Emerging-market stocks rise; bonds gain
Shares in developing nations were on the brink of a bull market as oil traded near $40 a barrel and favorable shifts in centralbank policies supported riskier assets. Bonds extended this week's gains.
Emerging-market stocks advanced for a third day after the Federal Reserve this week reined in its forecast for interest-rate hikes in 2016. Futures signaled the Standard & Poor's 500 Index will rise for a third day and automakers led gains in Europe as a weaker euro boosted earnings prospects. U.S. crude was little changed, after soaring 11 percent in the last two days. Treasuries advanced and 10-year yields sank to a record low in Japan. More than $3.5 trillion has been added to the value of global equities this month and commodities have rallied amid central bank steps to spur growth. The Fed's move comple- mented a wave of monetary easing that saw Norway and Indonesia cut borrowing costs on Thursday, a week after the European Central Bank boosted stimulus. The People's Bank of China loosened lenders' reserve requirements at the start of this month.
"We've finally seen some signs of a light at the end of the tunnel," said William Hobbs, head of investment strategy at Barclays Plc's wealth-management unit in London. "Central banks will remain accommodative and this has brought a bit of an increase in risk appetite." The MSCI Emerging Markets Index rose 0.8 percent at 10:06 a.m. in London, bringing gains from a low in January to just shy of the 20 percent threshold of a bull market. Technology stocks led the advance after Tencent Holdings Ltd., Asia's biggest Internet company, posted a better-than-expected 45 percent jump in quarterly sales.
The Hang Seng China Enterprises Index of mainland stocks listed in Hong Kong rose 1.2 percent, following a 2.4 percent rally on Thursday. The Shanghai Composite Index jumped 1.7 percent, with trading volumes 59 percent above the 30-day average, according to data compiled by Bloomberg.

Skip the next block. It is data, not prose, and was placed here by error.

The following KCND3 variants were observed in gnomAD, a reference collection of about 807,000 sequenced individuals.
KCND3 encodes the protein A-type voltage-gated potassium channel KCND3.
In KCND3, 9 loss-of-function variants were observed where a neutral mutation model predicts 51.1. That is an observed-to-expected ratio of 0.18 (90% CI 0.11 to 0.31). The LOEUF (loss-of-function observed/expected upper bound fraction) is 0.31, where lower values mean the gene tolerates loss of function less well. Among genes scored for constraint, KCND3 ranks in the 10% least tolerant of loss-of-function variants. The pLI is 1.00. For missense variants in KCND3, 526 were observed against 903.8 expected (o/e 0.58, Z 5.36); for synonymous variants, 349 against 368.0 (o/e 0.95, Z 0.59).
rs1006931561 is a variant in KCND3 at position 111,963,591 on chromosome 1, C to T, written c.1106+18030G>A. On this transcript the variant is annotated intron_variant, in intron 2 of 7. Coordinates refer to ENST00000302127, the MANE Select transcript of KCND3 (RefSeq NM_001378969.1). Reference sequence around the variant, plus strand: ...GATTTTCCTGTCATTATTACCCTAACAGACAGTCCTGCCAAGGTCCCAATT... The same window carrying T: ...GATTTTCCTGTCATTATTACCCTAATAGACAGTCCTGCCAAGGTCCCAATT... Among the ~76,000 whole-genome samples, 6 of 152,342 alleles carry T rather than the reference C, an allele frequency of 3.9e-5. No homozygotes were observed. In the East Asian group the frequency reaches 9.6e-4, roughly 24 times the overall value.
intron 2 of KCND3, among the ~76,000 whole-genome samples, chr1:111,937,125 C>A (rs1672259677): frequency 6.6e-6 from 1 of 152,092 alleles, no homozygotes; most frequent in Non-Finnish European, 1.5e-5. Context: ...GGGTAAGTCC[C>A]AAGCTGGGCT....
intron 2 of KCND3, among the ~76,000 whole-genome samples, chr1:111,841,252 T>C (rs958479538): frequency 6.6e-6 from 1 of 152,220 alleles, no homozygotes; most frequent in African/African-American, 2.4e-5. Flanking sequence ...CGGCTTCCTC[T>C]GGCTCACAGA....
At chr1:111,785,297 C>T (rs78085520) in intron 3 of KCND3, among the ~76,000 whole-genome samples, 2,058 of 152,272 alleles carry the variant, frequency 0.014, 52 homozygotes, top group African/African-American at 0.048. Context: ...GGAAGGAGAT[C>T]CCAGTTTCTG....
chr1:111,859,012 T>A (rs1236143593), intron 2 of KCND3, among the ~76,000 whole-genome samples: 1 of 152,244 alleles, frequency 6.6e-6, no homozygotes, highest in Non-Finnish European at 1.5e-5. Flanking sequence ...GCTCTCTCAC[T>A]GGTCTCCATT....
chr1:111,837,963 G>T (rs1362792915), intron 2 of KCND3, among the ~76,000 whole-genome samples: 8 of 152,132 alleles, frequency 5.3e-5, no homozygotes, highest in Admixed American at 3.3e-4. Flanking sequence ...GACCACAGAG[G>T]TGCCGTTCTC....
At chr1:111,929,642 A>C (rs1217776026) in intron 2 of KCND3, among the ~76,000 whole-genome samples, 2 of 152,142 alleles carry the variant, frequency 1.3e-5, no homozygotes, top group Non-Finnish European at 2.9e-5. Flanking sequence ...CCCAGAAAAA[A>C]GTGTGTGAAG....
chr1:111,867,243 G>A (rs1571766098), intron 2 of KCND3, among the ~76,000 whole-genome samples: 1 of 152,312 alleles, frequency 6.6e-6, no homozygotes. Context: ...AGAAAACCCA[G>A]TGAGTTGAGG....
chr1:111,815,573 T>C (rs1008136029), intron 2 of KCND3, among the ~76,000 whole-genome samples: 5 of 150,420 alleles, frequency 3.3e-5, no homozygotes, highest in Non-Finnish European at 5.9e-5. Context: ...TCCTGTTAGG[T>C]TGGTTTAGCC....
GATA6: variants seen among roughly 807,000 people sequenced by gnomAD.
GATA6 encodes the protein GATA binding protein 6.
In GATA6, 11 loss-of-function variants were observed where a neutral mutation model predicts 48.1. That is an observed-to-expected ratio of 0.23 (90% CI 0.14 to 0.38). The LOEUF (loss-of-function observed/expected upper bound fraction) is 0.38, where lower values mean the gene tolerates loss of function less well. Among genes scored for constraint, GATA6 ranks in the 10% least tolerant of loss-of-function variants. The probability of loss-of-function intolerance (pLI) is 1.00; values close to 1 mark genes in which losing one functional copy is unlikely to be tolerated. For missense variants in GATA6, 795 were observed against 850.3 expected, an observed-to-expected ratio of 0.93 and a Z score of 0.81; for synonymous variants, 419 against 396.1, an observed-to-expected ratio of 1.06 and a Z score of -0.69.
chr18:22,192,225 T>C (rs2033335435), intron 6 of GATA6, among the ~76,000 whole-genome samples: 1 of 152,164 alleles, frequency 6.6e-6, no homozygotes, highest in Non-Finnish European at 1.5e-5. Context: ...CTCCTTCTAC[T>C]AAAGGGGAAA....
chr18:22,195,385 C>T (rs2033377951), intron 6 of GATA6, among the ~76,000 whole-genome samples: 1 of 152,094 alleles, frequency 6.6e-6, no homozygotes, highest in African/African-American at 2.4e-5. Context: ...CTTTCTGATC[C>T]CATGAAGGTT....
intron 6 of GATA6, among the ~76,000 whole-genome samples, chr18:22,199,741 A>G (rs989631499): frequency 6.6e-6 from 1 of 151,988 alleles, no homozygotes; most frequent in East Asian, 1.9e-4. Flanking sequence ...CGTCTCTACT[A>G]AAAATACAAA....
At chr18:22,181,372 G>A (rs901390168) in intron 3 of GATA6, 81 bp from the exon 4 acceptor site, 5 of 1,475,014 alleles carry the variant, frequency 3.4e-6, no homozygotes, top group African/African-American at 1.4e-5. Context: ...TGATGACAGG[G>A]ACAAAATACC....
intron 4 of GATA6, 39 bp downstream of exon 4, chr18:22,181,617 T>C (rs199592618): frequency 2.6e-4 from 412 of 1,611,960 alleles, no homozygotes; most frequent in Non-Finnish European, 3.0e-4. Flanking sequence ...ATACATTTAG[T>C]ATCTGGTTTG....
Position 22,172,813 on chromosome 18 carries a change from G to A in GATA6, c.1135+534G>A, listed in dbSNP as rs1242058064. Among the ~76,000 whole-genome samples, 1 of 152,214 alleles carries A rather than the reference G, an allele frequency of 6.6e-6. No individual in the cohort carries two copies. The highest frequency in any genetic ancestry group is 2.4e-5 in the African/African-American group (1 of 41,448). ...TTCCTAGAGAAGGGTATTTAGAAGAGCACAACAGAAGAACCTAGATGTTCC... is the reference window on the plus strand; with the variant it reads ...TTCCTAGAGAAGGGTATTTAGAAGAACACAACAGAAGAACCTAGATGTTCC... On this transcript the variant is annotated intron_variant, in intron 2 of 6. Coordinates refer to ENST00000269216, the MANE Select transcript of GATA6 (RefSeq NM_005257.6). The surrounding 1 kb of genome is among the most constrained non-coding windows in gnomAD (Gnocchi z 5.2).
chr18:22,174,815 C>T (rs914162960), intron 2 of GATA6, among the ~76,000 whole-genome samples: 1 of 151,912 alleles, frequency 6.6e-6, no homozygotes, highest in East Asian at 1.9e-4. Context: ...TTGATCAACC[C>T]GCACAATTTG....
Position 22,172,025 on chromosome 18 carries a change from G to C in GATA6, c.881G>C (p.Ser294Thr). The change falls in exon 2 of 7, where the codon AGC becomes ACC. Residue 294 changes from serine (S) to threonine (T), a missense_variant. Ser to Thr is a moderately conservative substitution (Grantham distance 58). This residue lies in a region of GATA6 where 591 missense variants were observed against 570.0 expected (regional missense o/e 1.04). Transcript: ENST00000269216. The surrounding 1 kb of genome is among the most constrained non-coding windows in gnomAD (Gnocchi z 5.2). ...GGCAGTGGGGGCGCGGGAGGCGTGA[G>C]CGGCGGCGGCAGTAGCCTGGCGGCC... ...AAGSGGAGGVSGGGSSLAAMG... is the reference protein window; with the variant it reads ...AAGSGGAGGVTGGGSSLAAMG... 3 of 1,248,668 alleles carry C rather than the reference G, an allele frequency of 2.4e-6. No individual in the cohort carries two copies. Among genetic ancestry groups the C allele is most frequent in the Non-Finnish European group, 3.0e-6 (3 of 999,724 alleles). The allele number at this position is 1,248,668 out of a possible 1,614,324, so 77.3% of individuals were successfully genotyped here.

New-home prices gained in 47 Chinese cities in February, compared with 38 in January, the National Bureau of Statistics said Friday, signaling efforts to clear a home glut may be bearing fruit after banks eased credit and the government relaxed curbs.
The Stoxx Europe 600 Index climbed 0.5 percent. Daimler AG and BMW AG led gains among carmakers.
Amid one of the weakest earnings seasons in at least nine years and oscillating faith in central banks, strategists have slashed expectations for European stocks, painting the gloomiest annual outlook in five years. The Euro Stoxx 50 Index is expected to advance 1 percent by the end of 2016. Only a few months ago, those same strategists were calling for a 12 percent rally.
S&P 500 futures rose 0.2 percent, as the equity gauge approaches its break-even level for the year. The Dow Jones Industrial Average on Wednesday erased its 2016 losses, as a weaker dollar spurred a rally in commodity producers and industrial shares that spread to the broader U.S. stock market.
The Bloomberg Dollar Spot Index, which tracks the greenback against 10 major peers, gained 0.2 percent following a twoday slide of more than 2 percent that drove it to an eight-month low. The Fed cited weaker global growth and turmoil in financial markets for its decision to reduce the number of interest-rate increases forecast for 2016. The U.S. currency added 0.5 percent to $1.1264 per euro, after falling 1.9 percent in the past three days. A gauge of 20 emerging-market currencies fell for the first time in three days, slipping 0.2 percent from a four-month high, as South Africa's rand, Russia's ruble and Turkey's lira lost at least 0.5 percent. The won strengthened 0.9 percent, capping a 2.6 percent weekly advance.
West Texas Intermediate oil slipped 0.3 percent to $40.09 a barrel, retreating from a three-month high. In addition to the dollar's decline, crude was supported this week by data showing U.S. output fell to the lowest level since November 2014 as well as a planned freeze on production by countries including Saudi Arabia and Russia.
Gold headed for a weekly gain as the dollar dropped. Bullion for immediate delivery was little changed at $1,257.49 an ounce, putting gains for the week at 0.6 percent. Silver touched the highest level in more than four months.